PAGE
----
In the case of marijuana rescheduling, several months have already passed since the DEA received HHS’s recommendation to move marijuana to Schedule III. There is no way to know exactly how long the process will take for the DEA to determine if it will initiate rulemaking. It could happen in days, weeks, months, or even years. However, the politics involved in rescheduling indicate that a decision will likely be made in the next few months, not years. President Biden has already campaigned on marijuana reform, and he’ll likely want to highlight rescheduling when courting voters in 2024.

Step 2: DEA Initiates Rulemaking or Issues Order to Reschedule Marijuana

Following a determination by the DEA, the next step will be either a rulemaking proceeding or the issuance of an order to reschedule cannabis.

Federal law outlines the authority and criteria for the classification of substances. Section (a) of 21 USC 811 states that “rules relating to this statute subsection shall be made on the record after opportunity for a hearing pursuant to the rulemaking procedures prescribed by [the APA, specifically 5 USC 553].” The APA requires that the DEA provide interested persons an opportunity to submit comments, which the DEA must consider when issuing any rules related to the CSA. This is commonly referred to as the notice and comment period. The public must have at least 30 days to provide comments, with some exceptions, including when a matter relates to the foreign affairs functions of the U.S., which is relevant here.

There is precedent for the DEA to side-step the notice and comment period by claiming that the scheduling of a drug containing cannabis is a matter of foreign affairs. In 2018, the epilepsy drug containing cannabidiol became the first FDA-approved drug containing marijuana extract. The DEA placed Epidiolex in Schedule V without providing an opportunity for notice and comment because the DEA reasoned that it was required to place the drug in that schedule due to international treaty obligations. According to 21 USC 811(d)(1), the DEA administrator may place a substance in a schedule deemed most appropriate without requiring findings under the APA if such scheduling is required by the U.S. under international treaties, conventions, and protocols.

In other words, the DEA could determine that, due to treaty obligations, it can reschedule marijuana by order rather than through the standard rulemaking process. When taking this route with Epidiolex, the DEA referred to the Single Convention on Narcotic Drugs. The U.S. is a party to the Single Convention, which establishes control over the international and domestic traffic of controlled substances. The U.S. carries out its obligations under the Single Convention through the CSA. According to 21 USC 811(d)(1), if control of a substance is required “by United States obligations under international treaties, conventions, or protocols” in effect upon the passage of the CSA (1970), then the Attorney General, who delegates its powers under the CSA to the DEA, can issue an order without first going through the notice and comment period. In the case of Epidiolex, this was a new drug that contained marijuana derivatives. The FDA approved that specific compound, but it did not change the legality of marijuana. However, because Epidiolex contained a marijuana extract, the DEA still needed to establish a schedule for the newly approved drug.[2]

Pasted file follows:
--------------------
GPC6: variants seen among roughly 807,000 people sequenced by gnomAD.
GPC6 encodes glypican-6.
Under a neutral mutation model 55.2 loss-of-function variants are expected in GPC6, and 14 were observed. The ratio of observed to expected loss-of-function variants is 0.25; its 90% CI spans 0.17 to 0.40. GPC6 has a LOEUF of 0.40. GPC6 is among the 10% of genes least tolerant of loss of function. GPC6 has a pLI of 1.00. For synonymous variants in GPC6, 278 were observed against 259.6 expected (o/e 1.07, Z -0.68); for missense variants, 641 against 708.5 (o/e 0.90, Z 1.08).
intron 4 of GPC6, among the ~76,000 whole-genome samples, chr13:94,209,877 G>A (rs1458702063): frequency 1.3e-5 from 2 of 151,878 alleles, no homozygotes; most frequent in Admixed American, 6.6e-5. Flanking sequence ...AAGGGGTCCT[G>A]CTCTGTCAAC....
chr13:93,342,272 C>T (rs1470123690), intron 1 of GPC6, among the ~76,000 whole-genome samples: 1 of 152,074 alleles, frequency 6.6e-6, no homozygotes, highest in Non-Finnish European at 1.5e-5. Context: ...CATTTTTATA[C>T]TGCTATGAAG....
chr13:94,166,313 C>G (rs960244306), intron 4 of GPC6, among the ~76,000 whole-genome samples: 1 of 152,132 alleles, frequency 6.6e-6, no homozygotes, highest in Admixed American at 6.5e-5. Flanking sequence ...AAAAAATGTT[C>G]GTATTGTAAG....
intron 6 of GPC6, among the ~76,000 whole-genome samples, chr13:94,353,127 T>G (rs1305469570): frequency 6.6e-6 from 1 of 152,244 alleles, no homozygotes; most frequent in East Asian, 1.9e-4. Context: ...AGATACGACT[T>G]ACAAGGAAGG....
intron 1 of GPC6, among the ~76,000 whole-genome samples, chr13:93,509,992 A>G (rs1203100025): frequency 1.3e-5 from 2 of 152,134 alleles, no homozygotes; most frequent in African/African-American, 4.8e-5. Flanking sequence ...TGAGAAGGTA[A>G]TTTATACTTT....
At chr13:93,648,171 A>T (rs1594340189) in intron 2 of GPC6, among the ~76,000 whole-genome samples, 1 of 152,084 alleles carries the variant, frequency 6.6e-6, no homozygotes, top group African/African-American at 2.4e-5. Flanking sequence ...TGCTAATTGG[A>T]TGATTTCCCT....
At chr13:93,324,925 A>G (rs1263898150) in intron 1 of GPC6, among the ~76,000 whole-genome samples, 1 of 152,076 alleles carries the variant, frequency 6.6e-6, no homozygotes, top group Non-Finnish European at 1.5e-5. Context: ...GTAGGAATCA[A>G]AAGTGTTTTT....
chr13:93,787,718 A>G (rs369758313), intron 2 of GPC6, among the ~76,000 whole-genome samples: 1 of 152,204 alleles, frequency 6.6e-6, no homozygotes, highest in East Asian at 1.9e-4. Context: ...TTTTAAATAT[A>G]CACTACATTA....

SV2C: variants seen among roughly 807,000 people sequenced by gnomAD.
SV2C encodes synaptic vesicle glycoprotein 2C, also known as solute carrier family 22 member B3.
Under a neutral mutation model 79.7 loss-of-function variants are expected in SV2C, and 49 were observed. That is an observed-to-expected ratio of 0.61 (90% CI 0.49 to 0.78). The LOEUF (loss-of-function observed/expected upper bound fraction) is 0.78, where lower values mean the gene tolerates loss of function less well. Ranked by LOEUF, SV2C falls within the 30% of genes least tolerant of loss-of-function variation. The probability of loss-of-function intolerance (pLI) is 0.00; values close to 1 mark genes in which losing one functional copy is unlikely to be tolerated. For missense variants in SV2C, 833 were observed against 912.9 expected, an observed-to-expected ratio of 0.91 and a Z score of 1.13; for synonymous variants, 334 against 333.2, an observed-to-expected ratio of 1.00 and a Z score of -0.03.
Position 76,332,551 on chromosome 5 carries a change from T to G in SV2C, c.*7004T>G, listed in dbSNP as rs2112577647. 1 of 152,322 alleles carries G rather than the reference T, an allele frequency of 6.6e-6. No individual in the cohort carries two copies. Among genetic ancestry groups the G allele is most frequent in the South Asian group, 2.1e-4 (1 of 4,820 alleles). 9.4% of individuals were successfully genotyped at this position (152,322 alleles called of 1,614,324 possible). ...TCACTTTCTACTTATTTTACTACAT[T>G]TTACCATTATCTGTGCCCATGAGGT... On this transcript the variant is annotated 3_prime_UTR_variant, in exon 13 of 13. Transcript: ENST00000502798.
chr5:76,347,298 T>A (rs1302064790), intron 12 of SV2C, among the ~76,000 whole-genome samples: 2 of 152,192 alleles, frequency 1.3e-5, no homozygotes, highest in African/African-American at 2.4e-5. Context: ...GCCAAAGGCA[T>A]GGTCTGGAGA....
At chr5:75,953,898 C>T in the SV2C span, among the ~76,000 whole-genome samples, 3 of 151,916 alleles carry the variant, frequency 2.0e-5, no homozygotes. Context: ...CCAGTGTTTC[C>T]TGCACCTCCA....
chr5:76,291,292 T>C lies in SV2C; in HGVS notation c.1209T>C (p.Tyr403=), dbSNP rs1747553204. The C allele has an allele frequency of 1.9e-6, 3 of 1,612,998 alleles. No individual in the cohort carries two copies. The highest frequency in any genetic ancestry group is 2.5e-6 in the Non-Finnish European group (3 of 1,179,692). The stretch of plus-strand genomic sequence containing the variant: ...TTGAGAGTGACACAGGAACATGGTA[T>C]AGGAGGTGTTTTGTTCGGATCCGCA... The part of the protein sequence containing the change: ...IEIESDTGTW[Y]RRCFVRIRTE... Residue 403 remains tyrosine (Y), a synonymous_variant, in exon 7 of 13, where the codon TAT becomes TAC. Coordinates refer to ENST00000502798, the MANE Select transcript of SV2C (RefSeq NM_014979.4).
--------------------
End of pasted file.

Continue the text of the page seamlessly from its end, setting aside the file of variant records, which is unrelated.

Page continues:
The Takeaway

HHS provided its recommendation to the DEA that marijuana be rescheduled from Schedule I to Schedule III in August 2023. Once the DEA makes a determination that marijuana should be rescheduled, the DEA could initiate rulemaking, or, based on its interpretation of treaty obligations, it could reschedule marijuana by order.

There is also a level of unpredictability due to the political nature of this specific rescheduling process. As we saw in the HCPs example, there could be legislation that impacts the timeline of marijuana rescheduling, or the DEA could request HHS to reconsider its recommendation regarding moving marijuana from Schedule I to Schedule III. There is also the potential for lawsuits that could impact the process.

We will continue to monitor rescheduling and write on this topic for the Green Leaf Brief. If you are looking to prepare for rescheduling now, contact the author or McGlinchey’s Cannabis team.

[1] Washington v. Barr (2019).

[2] Although outside the scope of this article, Porter Wright LLP and Vicente LLP recently issued a white paper refuting the DEA’s position, as stated in 2016, that it could not reschedule marijuana based on treaty obligations. Additionally, recently, Congresswoman Sydney Kamlager-Dove (D-CA) wrote a letter to the DEA urging the agency not to opt out of moving marijuana to Schedule III based on treaty obligations.